More than 100 10th graders from Ánimo Jackie Robinson Charter High School (AJR) gathered May 9 to listen to Holocaust survivor Rita Lurie’s story of how she survived in Poland.
Lurie’s daughter, Leslie Gilbert-Lurie also attended and spoke on behalf of her mother at the event hosted by the nonprofit Facing History and Ourselves, which provides Holocaust, race, genocide and human rights education programs to more than 1,000 schools.
The organization partnered with AJR to organize the assembly, which took place two weeks into the grade’s six-week Holocaust educational program.
Gilbert-Lurie told students that her mother was a toddler during the Holocaust and her family left their home in Poland and hid in their neighbor’s attic. Fifteen family members lived in the attic from 1942 – 1944, where Lurie’s mother and younger brother died from malnutrition.
“When my mother was four years old, she remembers one day looking out of her kitchen window and saw Nazi tanks roll by,” Gilbert-Lurie said. “She said at that moment everything inside of her froze. She said she knew even at four years old nothing in her life would ever be the same after that.”
Lurie later shared an excerpt from a book she co-wrote with her daughter called “Bending Toward the Sun,” about her experiences and the depression and trauma she passed on to her daughter and granddaughter.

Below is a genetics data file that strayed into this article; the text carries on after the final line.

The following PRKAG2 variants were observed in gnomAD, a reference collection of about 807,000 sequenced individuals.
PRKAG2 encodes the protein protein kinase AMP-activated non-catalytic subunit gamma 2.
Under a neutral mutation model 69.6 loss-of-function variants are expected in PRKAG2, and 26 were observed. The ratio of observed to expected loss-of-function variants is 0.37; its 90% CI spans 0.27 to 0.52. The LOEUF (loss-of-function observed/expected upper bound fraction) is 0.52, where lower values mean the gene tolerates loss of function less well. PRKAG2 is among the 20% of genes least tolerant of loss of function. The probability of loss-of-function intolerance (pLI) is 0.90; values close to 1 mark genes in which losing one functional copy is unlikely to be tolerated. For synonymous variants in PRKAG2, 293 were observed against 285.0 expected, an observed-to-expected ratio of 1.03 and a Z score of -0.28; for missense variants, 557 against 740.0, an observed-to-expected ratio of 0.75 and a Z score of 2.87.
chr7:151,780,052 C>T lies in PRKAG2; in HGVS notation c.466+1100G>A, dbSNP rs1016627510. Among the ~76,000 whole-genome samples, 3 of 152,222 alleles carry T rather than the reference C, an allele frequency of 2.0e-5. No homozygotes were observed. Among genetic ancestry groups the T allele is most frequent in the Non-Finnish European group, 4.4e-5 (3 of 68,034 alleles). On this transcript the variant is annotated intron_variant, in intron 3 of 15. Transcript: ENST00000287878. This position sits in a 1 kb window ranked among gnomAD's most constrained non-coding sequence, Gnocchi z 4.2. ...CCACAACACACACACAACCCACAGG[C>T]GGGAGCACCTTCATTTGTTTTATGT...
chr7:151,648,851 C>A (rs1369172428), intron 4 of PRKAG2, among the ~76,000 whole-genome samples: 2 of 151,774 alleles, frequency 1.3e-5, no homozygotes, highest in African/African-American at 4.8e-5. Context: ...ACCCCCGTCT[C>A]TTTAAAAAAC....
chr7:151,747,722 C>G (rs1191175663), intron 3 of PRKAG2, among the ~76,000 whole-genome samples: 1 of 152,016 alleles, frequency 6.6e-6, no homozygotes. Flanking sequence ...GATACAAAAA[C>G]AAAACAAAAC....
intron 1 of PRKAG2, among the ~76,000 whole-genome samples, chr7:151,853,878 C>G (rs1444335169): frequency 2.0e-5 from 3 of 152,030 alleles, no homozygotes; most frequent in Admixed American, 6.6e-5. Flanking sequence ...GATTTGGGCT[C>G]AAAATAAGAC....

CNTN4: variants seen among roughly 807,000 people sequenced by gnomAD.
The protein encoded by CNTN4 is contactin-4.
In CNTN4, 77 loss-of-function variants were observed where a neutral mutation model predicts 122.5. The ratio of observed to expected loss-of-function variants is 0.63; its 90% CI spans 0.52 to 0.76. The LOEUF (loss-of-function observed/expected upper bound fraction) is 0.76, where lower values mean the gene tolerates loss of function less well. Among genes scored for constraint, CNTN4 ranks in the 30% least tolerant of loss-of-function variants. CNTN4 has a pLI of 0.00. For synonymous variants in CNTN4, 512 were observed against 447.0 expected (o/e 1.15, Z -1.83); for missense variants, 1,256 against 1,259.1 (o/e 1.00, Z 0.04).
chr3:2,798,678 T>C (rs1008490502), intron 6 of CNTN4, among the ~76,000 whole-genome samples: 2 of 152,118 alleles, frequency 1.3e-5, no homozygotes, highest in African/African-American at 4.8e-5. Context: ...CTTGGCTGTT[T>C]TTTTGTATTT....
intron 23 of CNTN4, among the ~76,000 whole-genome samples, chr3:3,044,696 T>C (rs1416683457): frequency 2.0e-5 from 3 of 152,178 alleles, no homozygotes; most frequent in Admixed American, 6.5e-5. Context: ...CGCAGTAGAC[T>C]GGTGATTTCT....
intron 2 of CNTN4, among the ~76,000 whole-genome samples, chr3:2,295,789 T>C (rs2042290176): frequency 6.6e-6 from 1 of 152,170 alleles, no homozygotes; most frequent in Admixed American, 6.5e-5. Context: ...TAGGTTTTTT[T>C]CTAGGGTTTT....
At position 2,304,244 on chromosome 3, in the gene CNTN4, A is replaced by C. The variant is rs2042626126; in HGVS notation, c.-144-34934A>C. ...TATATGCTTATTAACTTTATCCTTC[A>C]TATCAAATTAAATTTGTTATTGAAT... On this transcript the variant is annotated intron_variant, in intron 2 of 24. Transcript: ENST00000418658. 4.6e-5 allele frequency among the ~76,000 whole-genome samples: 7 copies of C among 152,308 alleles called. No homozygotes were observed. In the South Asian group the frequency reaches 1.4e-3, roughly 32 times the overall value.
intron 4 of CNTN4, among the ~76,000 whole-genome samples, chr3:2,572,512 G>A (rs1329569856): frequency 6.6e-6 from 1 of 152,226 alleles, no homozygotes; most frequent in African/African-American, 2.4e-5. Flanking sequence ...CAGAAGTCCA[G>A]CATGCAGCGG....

During the story telling, the children answered questions about how propaganda fueled the Holocaust and Liz Vogel, executive director of Facing History and Ourselves in Los Angeles told the Journal how teaching the students about the role propaganda and the behavior of bystanders and upstanders during the Nazi regime was important in teaching them how to ensure something like the Holocaust doesn’t happen again.
“We bring a survivor or a living witness to history into classrooms of schools that are doing a more in depth study [of the Holocaust] so that students can be better prepared and have a better understanding,” Vogel said. “It leaves a better experience with the students and the speaker.”
Students had the opportunity to ask Lurie and Gilbert-Lurie questions, which covered everything from how Lurie’s relationship to God changed after the Holocaust; how she was able to raise her family as an immigrant; how long it took to learn English when she arrived in New York (one month); and what advice she had for families who were immigrants or children of immigrants.
When one student asked how she was doing today, Lurie smiled and said: “I feel great being here and looking at all of your faces. I can tell that there is a promising future, just remember that. You have a lot to live for and even if it doesn’t look perfect now, you can take control of your life.”
AJR principal Kristin Botello wiping away tears said, “Everybody has a story and stories are magic. You have to listen to people’s stories and you have to be brave enough to tell it. You’re a hero and you have to embrace that story.”